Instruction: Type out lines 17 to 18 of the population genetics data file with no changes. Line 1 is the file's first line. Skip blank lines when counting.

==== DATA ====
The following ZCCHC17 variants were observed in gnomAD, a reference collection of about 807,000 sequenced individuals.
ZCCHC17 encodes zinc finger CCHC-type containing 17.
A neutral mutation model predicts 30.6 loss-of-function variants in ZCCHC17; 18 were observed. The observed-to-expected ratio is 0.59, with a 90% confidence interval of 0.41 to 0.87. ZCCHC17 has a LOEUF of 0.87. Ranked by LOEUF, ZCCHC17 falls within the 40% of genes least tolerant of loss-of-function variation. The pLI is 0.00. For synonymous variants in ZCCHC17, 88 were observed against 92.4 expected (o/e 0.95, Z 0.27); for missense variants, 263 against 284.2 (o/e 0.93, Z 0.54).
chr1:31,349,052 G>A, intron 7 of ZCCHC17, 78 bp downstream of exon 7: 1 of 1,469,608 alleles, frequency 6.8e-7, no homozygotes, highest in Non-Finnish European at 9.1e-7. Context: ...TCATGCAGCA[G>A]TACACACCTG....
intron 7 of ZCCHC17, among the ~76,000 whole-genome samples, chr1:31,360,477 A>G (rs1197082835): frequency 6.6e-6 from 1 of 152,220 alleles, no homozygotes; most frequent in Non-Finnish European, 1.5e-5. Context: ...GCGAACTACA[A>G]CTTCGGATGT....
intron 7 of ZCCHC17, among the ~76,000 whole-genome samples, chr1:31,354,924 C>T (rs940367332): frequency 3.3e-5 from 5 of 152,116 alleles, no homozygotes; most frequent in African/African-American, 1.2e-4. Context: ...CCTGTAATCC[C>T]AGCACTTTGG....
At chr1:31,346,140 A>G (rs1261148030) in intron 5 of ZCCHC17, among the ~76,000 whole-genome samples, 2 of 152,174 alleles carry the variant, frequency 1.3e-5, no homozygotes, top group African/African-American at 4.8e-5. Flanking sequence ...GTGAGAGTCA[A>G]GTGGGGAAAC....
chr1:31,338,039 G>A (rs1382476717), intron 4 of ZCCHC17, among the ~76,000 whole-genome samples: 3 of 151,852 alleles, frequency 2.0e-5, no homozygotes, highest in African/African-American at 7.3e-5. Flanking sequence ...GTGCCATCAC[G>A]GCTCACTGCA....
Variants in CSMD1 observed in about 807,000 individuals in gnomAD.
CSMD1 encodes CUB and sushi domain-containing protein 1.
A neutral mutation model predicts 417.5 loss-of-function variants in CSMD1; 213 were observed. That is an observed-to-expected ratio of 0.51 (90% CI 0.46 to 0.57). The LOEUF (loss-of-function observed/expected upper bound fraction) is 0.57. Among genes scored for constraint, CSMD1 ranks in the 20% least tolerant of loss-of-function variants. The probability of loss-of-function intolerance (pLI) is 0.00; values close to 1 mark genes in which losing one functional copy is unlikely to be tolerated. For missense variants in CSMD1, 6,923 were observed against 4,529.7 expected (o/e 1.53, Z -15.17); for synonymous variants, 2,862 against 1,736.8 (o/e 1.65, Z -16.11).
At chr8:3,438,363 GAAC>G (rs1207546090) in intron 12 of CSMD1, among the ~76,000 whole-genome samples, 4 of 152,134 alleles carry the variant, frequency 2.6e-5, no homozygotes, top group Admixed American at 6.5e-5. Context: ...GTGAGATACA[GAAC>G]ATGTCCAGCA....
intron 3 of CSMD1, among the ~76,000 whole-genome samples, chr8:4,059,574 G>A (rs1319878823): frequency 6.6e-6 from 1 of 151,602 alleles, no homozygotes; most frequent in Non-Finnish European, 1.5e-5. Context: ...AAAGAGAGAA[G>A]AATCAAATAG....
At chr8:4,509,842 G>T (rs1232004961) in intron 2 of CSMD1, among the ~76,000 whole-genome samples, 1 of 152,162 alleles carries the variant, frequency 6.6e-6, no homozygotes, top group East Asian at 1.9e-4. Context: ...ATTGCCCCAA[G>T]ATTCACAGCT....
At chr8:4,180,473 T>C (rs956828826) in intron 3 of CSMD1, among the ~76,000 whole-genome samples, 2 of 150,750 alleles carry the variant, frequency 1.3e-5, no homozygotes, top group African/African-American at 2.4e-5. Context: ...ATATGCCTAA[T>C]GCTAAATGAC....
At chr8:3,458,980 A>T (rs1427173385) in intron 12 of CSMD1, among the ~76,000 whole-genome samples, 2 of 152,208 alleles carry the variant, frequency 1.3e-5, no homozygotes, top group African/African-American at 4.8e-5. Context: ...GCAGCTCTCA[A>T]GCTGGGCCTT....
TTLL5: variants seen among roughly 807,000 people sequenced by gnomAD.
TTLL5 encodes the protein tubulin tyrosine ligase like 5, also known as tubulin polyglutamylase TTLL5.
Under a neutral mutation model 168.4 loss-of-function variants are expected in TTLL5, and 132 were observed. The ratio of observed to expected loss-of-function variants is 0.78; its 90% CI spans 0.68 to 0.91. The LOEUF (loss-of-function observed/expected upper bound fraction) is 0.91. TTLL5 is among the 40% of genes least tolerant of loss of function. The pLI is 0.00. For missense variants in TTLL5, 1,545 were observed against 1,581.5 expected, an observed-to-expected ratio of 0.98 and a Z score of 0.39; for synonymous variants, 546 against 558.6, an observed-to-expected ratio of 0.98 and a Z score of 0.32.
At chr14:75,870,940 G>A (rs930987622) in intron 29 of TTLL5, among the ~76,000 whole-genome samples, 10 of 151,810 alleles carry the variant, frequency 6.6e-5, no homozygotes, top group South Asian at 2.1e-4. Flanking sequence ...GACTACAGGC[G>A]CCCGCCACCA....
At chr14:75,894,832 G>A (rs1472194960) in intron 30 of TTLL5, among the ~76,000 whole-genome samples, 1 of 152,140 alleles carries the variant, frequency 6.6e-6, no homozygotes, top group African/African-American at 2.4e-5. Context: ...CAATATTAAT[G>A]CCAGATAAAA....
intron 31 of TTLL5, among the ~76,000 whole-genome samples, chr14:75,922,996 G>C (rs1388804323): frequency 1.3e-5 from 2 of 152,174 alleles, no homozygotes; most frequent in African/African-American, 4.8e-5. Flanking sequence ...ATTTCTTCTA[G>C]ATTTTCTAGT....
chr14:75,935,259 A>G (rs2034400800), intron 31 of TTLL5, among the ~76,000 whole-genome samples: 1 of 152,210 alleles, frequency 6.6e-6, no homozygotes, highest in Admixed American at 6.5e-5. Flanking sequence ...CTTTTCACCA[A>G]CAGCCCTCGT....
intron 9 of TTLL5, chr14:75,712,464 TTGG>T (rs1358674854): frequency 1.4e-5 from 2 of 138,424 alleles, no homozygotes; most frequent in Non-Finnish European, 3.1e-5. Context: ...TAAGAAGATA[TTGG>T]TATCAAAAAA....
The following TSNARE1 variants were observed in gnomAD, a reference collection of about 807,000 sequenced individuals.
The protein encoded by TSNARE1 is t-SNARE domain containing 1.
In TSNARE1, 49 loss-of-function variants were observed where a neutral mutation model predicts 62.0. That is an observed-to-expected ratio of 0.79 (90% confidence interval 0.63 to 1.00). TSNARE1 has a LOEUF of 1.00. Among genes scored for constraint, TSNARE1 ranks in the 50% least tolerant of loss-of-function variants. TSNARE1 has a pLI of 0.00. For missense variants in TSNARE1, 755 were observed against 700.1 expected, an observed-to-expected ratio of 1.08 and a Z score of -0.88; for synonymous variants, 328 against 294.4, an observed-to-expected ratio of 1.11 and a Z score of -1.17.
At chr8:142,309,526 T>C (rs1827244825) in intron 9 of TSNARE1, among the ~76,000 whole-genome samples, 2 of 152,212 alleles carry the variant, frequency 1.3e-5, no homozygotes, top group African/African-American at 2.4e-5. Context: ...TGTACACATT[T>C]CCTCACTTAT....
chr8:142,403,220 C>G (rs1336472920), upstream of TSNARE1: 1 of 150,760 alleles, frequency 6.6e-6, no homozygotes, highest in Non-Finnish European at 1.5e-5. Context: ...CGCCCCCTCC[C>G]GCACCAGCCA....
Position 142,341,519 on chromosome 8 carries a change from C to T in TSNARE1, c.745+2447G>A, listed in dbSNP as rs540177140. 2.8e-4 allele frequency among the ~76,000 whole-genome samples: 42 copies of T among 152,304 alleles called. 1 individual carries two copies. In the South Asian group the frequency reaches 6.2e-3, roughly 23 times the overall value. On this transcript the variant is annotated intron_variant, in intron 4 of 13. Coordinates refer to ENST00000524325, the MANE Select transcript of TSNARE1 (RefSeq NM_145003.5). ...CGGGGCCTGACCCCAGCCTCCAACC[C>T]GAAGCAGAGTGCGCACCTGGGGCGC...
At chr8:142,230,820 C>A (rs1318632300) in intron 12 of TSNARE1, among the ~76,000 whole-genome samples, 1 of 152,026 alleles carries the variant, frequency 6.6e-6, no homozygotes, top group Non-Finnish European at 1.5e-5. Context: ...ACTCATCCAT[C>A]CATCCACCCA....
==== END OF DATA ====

TTLL5: variants seen among roughly 807,000 people sequenced by gnomAD.
TTLL5 encodes the protein tubulin tyrosine ligase like 5, also known as tubulin polyglutamylase TTLL5.